Settling Your Family Court Case – Mediation
As was noted in a previous post (https://bannisterandwyatt.com/family-law/keeping-your-costs-down-in-divorce/), the best way to lower the total cost of your case is to reach a settlement as quickly as possible. Typically, a settlement is reached during mediation – But what is mediation?
Mediation is a process where parties in a case seek to settle their differences prior to a trial. In South Carolina, mediation is mandatory for nearly all civil cases, and the family court will not allow the parties to proceed to a final hearing before a mediator has reported that the case cannot be settled out of court. Mandatory mediation has vastly reduced the number of contested trials in South Carolina.
A mediator is an individual, often an attorney, who is certified by the South Carolina Bar in dispute resolution. Generally, mediation is held at the mediator’s office or another third-party location. Due to the high emotions involved in family court cases, the parties usually remain in separate rooms with their attorneys while the mediator exchanges settlement terms and helps the parties reach an agreement. This arrangement allows the parties to focus on the relevant issues rather than potential personal conflicts.
There are three periods when mediation may occur:
- The parties can mediate before the case is filed. This option has the advantage of avoiding potentially costly litigation, but it often has a disadvantage that one of the parties will not believe there’s any reason to acquiesce to a settlement proposal without the pressure of pending litigation.
- A second option is to mediate early in the litigation process. Again, the earlier the parties can mediate and reach a settlement, the cheaper it will be to litigate the case. However, in many cases the parties do not have the necessary information to reach a full settlement until later in the litigation process.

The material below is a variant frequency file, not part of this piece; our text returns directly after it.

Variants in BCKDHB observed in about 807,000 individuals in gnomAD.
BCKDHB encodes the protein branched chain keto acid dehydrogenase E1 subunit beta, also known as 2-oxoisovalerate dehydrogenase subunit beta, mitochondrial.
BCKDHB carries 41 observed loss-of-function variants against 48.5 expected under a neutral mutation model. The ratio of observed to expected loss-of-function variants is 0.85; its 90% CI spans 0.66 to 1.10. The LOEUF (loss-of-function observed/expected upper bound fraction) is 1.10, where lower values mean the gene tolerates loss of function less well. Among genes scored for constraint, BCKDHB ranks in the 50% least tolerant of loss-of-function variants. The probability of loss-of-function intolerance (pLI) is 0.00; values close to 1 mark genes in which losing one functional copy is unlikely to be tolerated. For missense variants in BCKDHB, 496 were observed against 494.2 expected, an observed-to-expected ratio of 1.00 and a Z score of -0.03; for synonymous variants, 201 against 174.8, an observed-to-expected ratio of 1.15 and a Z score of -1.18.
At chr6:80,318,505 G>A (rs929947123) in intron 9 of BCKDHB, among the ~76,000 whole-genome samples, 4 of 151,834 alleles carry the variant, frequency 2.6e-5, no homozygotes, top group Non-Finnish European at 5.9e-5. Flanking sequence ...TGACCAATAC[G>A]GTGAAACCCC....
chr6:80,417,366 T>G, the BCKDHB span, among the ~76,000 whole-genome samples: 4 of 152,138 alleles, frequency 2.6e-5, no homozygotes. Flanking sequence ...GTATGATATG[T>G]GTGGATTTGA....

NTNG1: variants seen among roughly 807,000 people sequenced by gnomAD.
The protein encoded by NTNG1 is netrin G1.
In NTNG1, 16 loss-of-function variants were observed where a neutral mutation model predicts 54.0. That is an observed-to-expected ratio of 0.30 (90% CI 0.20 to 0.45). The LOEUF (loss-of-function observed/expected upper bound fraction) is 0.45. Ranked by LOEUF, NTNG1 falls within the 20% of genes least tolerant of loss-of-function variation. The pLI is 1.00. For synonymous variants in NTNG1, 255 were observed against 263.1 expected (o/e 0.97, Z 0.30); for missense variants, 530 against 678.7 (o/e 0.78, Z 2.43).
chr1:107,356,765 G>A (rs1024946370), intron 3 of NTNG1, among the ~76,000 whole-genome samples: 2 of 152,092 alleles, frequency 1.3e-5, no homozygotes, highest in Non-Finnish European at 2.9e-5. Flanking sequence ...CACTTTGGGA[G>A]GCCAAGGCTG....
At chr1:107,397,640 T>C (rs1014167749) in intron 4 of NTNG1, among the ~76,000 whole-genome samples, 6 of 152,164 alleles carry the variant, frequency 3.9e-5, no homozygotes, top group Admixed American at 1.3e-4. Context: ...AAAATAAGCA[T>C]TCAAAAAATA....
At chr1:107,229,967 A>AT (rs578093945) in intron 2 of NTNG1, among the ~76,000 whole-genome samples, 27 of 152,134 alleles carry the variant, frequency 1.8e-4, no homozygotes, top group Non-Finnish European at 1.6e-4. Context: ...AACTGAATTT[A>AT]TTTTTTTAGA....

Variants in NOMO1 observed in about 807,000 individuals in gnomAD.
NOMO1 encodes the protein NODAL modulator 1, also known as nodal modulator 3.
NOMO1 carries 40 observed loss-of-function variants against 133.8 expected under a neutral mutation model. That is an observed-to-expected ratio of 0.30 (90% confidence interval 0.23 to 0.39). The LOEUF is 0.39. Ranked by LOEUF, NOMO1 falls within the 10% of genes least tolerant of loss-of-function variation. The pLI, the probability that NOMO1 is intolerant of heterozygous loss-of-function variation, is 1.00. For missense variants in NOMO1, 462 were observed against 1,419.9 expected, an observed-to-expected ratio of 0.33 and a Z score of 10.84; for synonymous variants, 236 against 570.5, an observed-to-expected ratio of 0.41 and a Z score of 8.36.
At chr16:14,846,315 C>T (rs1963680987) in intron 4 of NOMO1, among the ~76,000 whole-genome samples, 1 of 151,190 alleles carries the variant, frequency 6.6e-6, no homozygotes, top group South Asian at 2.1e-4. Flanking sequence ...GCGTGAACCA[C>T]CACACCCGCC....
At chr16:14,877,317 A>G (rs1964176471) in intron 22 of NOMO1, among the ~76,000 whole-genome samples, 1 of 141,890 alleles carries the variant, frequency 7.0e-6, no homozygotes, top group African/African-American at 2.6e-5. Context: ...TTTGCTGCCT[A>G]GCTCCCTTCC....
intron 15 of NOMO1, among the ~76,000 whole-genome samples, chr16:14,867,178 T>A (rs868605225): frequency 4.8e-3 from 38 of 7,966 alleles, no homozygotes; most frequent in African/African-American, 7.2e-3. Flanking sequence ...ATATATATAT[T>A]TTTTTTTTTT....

- The usual time to litigate is immediately before trial. Both parties will have discovery responses from the other party and should have a full understanding of the issues in their case prior to heading into mediation. This allows both parties to reach a full settlement with knowledge of the possible outcomes at trial.
Besides the economic benefit of avoiding trial, there is another major benefit of settling your case at mediation. At trial, judges tend to follow a framework for their orders. Some of this framework is based on statutory and case law that controls what the court is allowed to do. Other parts of the framework are based on standards that have been developed in preceding cases or the judge’s personal view of the best manner to resolve the issues based on other cases. However, because the parties are in complete control of the outcome of their case at mediation, the settlement terms can be more closely tailored to the parties’ individual needs and desires, as well as the needs of their children. It simply makes sense that people who have been married, had children together, or have known each other for many years are in a better position to determine what is in their best interests and their children’s best interests better than a judge who has heard only a few days of testimony from the parties.
Mediation is a great tool that can provide great economic and other benefits for your case if you have the right team in place to make use of it. It is important to be well prepared for mediation and to have an attorney by your side to assist you in developing creative and innovative solutions to the contested issues in your case.